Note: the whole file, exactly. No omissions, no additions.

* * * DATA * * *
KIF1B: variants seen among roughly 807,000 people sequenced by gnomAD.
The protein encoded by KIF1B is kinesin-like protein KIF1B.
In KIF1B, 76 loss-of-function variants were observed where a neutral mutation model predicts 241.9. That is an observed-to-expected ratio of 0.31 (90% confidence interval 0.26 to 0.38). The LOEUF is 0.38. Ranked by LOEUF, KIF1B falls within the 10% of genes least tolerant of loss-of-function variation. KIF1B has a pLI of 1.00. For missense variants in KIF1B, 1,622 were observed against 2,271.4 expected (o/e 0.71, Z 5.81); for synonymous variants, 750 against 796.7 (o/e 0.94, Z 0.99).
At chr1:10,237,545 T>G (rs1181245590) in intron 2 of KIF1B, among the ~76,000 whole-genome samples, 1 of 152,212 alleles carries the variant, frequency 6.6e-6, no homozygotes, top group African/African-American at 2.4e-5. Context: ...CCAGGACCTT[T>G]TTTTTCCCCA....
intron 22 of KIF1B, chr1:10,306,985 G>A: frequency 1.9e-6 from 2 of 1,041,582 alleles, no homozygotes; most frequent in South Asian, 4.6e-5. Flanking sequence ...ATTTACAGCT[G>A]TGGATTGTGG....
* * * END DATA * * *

KIF1B: variants seen among roughly 807,000 people sequenced by gnomAD.
The protein encoded by KIF1B is kinesin-like protein KIF1B.
In KIF1B, 76 loss-of-function variants were observed where a neutral mutation model predicts 241.9. That is an observed-to-expected ratio of 0.31 (90% confidence interval 0.26 to 0.38). The LOEUF is 0.38. Ranked by LOEUF, KIF1B falls within the 10% of genes least tolerant of loss-of-function variation. KIF1B has a pLI of 1.00. For missense variants in KIF1B, 1,622 were observed against 2,271.4 expected (o/e 0.71, Z 5.81); for synonymous variants, 750 against 796.7 (o/e 0.94, Z 0.99).
At chr1:10,237,545 T>G (rs1181245590) in intron 2 of KIF1B, among the ~76,000 whole-genome samples, 1 of 152,212 alleles carries the variant, frequency 6.6e-6, no homozygotes, top group African/African-American at 2.4e-5. Context: ...CCAGGACCTT[T>G]TTTTTCCCCA....
intron 22 of KIF1B, chr1:10,306,985 G>A: frequency 1.9e-6 from 2 of 1,041,582 alleles, no homozygotes; most frequent in South Asian, 4.6e-5. Flanking sequence ...ATTTACAGCT[G>A]TGGATTGTGG....